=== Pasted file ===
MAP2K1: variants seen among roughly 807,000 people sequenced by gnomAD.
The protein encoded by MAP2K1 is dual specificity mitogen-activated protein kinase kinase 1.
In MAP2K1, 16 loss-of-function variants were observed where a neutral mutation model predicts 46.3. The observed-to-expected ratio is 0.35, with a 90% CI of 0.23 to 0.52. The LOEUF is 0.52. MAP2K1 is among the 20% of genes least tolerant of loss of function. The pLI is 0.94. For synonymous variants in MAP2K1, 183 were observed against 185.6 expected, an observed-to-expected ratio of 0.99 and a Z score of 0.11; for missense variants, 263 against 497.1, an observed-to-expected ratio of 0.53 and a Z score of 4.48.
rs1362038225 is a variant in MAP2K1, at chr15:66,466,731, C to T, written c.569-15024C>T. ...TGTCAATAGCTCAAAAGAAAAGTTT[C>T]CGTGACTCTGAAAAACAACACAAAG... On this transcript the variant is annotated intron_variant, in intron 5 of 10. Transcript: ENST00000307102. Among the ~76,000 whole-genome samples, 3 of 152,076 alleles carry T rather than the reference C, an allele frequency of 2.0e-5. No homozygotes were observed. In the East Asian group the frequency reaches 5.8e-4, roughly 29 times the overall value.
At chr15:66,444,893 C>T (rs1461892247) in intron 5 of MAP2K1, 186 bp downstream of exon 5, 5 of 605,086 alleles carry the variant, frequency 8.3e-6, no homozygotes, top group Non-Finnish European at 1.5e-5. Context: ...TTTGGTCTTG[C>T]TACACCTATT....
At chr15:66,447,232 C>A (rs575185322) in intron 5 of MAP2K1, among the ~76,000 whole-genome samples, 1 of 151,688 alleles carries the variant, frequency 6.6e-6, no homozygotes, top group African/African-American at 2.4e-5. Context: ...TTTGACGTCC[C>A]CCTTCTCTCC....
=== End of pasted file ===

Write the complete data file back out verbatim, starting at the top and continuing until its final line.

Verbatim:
MAP2K1: variants seen among roughly 807,000 people sequenced by gnomAD.
The protein encoded by MAP2K1 is dual specificity mitogen-activated protein kinase kinase 1.
In MAP2K1, 16 loss-of-function variants were observed where a neutral mutation model predicts 46.3. The observed-to-expected ratio is 0.35, with a 90% CI of 0.23 to 0.52. The LOEUF is 0.52. MAP2K1 is among the 20% of genes least tolerant of loss of function. The pLI is 0.94. For synonymous variants in MAP2K1, 183 were observed against 185.6 expected, an observed-to-expected ratio of 0.99 and a Z score of 0.11; for missense variants, 263 against 497.1, an observed-to-expected ratio of 0.53 and a Z score of 4.48.
rs1362038225 is a variant in MAP2K1, at chr15:66,466,731, C to T, written c.569-15024C>T. ...TGTCAATAGCTCAAAAGAAAAGTTT[C>T]CGTGACTCTGAAAAACAACACAAAG... On this transcript the variant is annotated intron_variant, in intron 5 of 10. Transcript: ENST00000307102. Among the ~76,000 whole-genome samples, 3 of 152,076 alleles carry T rather than the reference C, an allele frequency of 2.0e-5. No homozygotes were observed. In the East Asian group the frequency reaches 5.8e-4, roughly 29 times the overall value.
At chr15:66,444,893 C>T (rs1461892247) in intron 5 of MAP2K1, 186 bp downstream of exon 5, 5 of 605,086 alleles carry the variant, frequency 8.3e-6, no homozygotes, top group Non-Finnish European at 1.5e-5. Context: ...TTTGGTCTTG[C>T]TACACCTATT....
At chr15:66,447,232 C>A (rs575185322) in intron 5 of MAP2K1, among the ~76,000 whole-genome samples, 1 of 151,688 alleles carries the variant, frequency 6.6e-6, no homozygotes, top group African/African-American at 2.4e-5. Context: ...TTTGACGTCC[C>A]CCTTCTCTCC....